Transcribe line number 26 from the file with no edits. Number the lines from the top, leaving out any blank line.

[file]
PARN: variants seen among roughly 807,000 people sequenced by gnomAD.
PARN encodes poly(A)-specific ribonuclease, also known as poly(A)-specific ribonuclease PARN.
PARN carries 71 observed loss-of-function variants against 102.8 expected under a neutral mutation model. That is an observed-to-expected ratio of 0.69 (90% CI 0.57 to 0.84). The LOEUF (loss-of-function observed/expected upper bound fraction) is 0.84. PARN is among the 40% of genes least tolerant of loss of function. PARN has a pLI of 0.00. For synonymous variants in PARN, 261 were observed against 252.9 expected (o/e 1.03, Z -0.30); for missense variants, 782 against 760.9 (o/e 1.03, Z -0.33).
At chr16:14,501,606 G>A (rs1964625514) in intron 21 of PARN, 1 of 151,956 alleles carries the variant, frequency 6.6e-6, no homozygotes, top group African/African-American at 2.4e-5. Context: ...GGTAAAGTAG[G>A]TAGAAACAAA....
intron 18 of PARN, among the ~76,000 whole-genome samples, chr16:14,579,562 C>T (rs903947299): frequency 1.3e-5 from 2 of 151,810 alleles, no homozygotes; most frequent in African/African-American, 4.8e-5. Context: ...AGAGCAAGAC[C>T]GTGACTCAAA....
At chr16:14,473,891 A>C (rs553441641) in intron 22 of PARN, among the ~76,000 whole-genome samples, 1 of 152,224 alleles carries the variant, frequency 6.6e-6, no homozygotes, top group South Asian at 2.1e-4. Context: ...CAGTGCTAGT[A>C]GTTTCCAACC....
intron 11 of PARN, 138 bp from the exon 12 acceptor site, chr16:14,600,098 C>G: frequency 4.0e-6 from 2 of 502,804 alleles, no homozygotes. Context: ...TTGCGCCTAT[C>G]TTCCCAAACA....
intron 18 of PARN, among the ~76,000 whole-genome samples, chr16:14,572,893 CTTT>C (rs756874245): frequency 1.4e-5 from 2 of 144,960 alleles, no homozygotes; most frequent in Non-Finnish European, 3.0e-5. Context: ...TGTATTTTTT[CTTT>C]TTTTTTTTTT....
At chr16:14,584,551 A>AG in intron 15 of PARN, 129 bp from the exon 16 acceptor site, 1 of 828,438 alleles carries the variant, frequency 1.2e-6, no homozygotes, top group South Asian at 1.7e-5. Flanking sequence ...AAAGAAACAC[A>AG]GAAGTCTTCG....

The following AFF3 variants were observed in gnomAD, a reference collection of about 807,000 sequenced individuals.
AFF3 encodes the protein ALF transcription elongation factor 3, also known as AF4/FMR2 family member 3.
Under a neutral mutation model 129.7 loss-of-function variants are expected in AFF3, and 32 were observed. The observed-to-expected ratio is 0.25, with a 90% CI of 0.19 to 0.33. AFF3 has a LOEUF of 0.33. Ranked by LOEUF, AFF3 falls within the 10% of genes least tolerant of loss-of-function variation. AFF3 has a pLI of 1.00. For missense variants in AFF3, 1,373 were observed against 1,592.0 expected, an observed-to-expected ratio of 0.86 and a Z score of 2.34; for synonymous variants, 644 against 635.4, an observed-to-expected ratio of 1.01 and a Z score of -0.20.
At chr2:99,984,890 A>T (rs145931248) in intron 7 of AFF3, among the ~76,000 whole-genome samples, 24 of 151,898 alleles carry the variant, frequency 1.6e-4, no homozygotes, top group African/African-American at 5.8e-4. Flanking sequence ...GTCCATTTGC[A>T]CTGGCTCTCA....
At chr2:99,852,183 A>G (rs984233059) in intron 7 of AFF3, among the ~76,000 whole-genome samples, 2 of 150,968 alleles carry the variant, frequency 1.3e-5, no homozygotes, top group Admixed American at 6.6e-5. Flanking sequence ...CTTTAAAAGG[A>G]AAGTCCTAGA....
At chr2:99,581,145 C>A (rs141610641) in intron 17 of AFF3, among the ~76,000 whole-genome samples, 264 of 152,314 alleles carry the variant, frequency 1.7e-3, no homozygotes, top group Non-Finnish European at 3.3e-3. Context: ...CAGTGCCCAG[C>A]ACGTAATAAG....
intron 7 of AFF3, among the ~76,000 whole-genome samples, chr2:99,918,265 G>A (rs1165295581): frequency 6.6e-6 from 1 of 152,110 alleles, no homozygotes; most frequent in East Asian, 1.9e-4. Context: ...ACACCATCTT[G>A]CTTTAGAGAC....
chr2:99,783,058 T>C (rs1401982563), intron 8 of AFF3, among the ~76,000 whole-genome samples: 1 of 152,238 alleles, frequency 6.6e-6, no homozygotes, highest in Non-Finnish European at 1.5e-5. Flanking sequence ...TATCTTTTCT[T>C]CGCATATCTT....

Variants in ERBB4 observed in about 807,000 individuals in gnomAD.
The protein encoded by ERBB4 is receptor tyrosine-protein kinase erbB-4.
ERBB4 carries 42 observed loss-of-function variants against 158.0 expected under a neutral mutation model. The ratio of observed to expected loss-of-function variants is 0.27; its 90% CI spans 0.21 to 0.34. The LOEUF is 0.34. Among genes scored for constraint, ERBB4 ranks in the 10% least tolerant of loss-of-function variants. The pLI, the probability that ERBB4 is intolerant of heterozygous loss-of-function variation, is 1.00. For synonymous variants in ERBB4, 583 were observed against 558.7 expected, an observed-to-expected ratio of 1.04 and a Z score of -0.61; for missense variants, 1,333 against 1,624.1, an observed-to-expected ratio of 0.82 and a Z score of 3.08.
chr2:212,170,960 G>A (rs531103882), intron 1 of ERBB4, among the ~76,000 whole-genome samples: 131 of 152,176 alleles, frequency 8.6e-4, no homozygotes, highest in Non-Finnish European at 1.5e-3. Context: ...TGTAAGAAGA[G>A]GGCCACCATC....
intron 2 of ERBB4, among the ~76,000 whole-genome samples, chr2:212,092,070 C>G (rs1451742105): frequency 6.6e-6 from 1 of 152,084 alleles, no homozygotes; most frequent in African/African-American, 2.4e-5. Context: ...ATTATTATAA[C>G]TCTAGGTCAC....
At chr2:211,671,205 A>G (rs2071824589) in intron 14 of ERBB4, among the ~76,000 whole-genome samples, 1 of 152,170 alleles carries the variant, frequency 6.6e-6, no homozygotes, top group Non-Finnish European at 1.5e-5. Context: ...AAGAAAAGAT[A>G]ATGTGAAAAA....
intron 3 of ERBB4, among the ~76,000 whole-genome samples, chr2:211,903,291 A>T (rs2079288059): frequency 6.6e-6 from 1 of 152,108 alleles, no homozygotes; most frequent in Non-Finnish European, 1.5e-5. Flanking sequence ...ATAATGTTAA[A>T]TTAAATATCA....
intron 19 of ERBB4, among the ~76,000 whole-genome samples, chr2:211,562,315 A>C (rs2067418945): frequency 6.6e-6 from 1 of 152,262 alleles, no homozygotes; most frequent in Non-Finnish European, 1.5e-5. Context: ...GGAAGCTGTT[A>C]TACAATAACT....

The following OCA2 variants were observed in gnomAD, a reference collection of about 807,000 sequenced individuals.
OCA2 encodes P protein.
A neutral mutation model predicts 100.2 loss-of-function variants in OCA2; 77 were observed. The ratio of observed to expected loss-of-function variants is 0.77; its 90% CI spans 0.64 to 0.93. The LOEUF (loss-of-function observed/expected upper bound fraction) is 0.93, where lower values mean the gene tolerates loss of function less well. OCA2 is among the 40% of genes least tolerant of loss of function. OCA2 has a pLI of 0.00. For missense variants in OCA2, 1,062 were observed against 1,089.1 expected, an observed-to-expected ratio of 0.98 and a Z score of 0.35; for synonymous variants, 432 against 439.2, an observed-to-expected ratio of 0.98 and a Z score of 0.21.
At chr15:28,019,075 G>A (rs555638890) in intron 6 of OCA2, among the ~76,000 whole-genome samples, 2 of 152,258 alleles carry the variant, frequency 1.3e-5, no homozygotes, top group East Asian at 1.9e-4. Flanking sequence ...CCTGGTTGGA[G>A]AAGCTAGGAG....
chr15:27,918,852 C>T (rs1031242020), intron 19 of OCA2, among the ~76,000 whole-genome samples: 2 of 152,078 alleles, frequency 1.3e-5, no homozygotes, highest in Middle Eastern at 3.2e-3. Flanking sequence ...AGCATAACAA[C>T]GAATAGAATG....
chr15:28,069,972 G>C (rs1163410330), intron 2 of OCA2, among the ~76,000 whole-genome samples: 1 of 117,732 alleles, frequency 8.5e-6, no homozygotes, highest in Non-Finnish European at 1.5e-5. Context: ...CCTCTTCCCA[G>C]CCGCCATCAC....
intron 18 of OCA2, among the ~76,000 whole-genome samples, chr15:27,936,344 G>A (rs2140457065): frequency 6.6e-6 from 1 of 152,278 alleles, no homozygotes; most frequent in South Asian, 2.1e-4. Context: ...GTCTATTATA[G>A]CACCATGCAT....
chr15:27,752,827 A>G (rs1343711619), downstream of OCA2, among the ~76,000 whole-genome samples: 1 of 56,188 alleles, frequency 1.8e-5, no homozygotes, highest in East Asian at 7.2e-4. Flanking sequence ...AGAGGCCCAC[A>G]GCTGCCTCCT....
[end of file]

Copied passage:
The following OCA2 variants were observed in gnomAD, a reference collection of about 807,000 sequenced individuals.